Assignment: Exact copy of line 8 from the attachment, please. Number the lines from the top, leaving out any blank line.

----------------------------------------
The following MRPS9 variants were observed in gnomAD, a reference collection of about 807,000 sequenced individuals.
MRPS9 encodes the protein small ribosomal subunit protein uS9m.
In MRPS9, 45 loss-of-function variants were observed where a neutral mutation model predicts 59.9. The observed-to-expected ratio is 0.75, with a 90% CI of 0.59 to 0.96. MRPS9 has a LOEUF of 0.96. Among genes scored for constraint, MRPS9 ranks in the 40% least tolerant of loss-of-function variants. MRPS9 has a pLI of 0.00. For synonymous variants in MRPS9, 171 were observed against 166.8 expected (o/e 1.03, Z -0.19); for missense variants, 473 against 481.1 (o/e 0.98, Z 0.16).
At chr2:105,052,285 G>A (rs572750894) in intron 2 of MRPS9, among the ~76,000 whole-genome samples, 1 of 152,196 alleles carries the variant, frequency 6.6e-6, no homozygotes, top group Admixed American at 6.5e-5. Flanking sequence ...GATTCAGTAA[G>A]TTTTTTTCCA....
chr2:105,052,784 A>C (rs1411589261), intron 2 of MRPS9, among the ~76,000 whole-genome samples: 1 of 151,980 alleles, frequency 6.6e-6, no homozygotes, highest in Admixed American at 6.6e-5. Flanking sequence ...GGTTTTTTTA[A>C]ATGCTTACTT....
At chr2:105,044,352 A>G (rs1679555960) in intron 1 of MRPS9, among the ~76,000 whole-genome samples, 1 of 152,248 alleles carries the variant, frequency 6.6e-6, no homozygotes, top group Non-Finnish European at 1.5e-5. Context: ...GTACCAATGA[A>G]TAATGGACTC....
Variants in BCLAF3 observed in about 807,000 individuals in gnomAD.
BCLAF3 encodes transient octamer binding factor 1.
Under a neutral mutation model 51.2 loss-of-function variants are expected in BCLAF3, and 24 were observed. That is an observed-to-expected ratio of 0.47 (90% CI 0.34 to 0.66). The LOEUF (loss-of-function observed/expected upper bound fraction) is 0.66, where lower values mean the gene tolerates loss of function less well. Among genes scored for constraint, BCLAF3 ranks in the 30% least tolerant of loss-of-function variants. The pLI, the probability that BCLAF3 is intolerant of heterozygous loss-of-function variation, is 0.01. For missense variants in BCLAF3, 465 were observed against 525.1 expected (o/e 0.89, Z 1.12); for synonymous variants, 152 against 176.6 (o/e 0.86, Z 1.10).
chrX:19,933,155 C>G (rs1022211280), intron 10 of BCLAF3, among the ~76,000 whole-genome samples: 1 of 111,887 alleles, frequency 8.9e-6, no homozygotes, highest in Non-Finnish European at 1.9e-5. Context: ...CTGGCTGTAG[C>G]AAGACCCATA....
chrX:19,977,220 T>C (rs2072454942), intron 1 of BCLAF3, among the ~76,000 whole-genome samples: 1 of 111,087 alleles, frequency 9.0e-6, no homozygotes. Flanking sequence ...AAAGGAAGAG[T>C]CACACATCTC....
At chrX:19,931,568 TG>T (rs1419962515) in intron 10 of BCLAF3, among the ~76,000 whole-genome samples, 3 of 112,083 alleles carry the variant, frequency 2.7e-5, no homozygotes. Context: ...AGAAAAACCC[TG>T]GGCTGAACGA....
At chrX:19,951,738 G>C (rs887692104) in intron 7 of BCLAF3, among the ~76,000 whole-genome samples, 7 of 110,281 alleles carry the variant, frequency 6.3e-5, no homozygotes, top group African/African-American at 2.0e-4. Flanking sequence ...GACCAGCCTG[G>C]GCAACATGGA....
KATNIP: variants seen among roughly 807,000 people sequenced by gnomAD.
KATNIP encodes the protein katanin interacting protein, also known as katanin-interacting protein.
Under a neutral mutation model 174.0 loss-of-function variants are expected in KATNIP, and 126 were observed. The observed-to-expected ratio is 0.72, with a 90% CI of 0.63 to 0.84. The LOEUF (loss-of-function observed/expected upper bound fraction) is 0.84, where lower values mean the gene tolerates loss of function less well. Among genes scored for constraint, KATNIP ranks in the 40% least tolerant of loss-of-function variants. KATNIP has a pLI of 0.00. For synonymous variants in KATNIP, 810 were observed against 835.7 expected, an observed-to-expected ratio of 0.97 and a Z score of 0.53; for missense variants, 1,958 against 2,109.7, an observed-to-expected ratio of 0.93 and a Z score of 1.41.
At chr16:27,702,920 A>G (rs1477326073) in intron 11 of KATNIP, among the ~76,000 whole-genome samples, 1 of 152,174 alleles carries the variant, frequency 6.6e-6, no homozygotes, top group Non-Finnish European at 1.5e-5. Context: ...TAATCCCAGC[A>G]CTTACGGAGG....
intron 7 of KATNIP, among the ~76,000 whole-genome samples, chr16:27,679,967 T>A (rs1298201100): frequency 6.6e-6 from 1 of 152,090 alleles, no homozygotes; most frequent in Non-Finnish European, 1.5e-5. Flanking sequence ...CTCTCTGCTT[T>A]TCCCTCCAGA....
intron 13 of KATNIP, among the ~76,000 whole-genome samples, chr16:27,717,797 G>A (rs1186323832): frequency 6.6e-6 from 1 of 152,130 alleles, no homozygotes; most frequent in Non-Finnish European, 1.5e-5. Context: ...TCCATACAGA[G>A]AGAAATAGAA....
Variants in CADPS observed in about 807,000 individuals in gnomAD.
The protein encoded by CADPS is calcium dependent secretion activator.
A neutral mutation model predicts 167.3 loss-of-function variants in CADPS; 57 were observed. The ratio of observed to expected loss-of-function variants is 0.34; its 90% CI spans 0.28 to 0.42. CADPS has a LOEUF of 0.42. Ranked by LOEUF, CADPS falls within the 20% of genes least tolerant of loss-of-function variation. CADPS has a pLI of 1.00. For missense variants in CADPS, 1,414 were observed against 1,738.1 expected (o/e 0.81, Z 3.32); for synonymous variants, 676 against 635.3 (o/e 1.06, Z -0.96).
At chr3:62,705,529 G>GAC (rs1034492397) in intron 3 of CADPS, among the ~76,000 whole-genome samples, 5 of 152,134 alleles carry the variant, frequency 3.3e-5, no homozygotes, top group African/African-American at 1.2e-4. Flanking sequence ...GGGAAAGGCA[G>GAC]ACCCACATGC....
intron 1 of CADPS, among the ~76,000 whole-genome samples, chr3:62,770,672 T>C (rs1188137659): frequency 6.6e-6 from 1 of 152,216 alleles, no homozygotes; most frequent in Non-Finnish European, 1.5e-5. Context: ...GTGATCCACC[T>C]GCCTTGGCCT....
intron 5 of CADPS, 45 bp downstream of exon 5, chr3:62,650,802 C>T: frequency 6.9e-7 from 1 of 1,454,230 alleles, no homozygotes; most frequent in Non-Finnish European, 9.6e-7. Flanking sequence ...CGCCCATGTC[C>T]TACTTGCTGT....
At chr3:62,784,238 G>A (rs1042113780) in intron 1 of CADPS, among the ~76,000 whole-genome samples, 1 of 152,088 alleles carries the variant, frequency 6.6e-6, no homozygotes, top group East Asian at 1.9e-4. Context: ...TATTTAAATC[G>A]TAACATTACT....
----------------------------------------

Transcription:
BCLAF3 encodes transient octamer binding factor 1.